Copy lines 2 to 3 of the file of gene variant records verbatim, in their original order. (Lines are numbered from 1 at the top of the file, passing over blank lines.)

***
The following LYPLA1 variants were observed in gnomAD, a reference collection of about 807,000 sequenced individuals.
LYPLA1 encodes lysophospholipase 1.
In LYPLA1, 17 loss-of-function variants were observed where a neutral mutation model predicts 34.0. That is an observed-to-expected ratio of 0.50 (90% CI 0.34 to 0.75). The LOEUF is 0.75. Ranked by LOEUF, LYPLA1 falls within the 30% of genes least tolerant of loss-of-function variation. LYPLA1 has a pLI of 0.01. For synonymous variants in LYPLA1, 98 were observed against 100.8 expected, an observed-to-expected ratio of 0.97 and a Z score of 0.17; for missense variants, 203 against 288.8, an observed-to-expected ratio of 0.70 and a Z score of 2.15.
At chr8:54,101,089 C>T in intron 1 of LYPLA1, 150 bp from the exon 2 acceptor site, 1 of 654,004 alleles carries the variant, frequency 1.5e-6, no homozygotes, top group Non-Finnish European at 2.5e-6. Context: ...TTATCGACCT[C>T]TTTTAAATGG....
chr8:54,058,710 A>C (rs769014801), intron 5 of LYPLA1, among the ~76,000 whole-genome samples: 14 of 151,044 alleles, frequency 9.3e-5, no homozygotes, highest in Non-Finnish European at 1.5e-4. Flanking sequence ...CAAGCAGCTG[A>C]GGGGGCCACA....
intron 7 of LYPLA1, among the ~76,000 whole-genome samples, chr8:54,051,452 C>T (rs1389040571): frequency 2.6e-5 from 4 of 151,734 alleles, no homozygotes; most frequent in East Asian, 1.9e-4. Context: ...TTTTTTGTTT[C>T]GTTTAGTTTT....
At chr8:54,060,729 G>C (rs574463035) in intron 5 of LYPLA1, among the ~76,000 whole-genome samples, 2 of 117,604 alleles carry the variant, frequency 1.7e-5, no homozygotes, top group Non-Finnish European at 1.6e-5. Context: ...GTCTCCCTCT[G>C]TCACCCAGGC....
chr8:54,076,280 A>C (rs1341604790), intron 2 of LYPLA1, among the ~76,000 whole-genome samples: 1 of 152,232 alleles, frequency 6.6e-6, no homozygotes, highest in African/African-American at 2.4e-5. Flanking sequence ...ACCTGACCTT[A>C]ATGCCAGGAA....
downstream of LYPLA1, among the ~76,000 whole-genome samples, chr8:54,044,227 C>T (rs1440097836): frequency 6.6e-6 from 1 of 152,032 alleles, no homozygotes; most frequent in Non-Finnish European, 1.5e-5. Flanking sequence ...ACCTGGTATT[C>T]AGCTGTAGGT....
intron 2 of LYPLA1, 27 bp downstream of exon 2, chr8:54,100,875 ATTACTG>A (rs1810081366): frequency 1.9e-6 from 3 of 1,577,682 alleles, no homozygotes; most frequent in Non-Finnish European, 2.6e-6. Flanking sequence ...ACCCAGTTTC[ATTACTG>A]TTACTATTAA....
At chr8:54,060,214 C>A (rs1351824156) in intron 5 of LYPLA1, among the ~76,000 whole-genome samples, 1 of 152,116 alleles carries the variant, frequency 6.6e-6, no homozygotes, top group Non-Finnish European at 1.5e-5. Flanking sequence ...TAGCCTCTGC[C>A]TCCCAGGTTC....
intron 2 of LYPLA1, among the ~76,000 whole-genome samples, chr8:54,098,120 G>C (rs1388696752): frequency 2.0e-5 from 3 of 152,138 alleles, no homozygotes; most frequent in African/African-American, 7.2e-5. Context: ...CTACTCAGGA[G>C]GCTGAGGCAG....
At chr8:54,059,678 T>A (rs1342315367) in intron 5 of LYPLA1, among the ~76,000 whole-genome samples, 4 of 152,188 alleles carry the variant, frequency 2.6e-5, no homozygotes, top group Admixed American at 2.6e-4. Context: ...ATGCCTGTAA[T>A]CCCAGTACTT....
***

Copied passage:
LYPLA1 encodes lysophospholipase 1.
In LYPLA1, 17 loss-of-function variants were observed where a neutral mutation model predicts 34.0. That is an observed-to-expected ratio of 0.50 (90% CI 0.34 to 0.75). The LOEUF is 0.75. Ranked by LOEUF, LYPLA1 falls within the 30% of genes least tolerant of loss-of-function variation. LYPLA1 has a pLI of 0.01. For synonymous variants in LYPLA1, 98 were observed against 100.8 expected, an observed-to-expected ratio of 0.97 and a Z score of 0.17; for missense variants, 203 against 288.8, an observed-to-expected ratio of 0.70 and a Z score of 2.15.